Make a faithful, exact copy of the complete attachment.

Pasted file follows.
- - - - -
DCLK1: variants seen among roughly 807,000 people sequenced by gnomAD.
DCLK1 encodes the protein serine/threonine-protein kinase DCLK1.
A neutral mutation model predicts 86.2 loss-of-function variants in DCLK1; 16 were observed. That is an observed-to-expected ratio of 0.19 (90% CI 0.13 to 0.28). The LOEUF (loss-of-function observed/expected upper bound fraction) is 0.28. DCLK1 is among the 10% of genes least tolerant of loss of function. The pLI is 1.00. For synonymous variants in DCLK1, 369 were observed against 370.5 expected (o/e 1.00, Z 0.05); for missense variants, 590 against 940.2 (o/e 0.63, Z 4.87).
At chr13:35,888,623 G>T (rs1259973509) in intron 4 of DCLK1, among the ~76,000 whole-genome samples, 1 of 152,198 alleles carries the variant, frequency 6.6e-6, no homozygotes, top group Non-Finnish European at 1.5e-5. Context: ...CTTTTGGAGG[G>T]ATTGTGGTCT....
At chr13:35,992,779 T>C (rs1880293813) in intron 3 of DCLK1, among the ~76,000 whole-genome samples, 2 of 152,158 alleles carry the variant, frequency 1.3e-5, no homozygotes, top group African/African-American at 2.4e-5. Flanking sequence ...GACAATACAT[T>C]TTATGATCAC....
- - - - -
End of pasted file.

DCLK1: variants seen among roughly 807,000 people sequenced by gnomAD.
DCLK1 encodes the protein serine/threonine-protein kinase DCLK1.
A neutral mutation model predicts 86.2 loss-of-function variants in DCLK1; 16 were observed. That is an observed-to-expected ratio of 0.19 (90% CI 0.13 to 0.28). The LOEUF (loss-of-function observed/expected upper bound fraction) is 0.28. DCLK1 is among the 10% of genes least tolerant of loss of function. The pLI is 1.00. For synonymous variants in DCLK1, 369 were observed against 370.5 expected (o/e 1.00, Z 0.05); for missense variants, 590 against 940.2 (o/e 0.63, Z 4.87).
At chr13:35,888,623 G>T (rs1259973509) in intron 4 of DCLK1, among the ~76,000 whole-genome samples, 1 of 152,198 alleles carries the variant, frequency 6.6e-6, no homozygotes, top group Non-Finnish European at 1.5e-5. Context: ...CTTTTGGAGG[G>T]ATTGTGGTCT....
At chr13:35,992,779 T>C (rs1880293813) in intron 3 of DCLK1, among the ~76,000 whole-genome samples, 2 of 152,158 alleles carry the variant, frequency 1.3e-5, no homozygotes, top group African/African-American at 2.4e-5. Flanking sequence ...GACAATACAT[T>C]TTATGATCAC....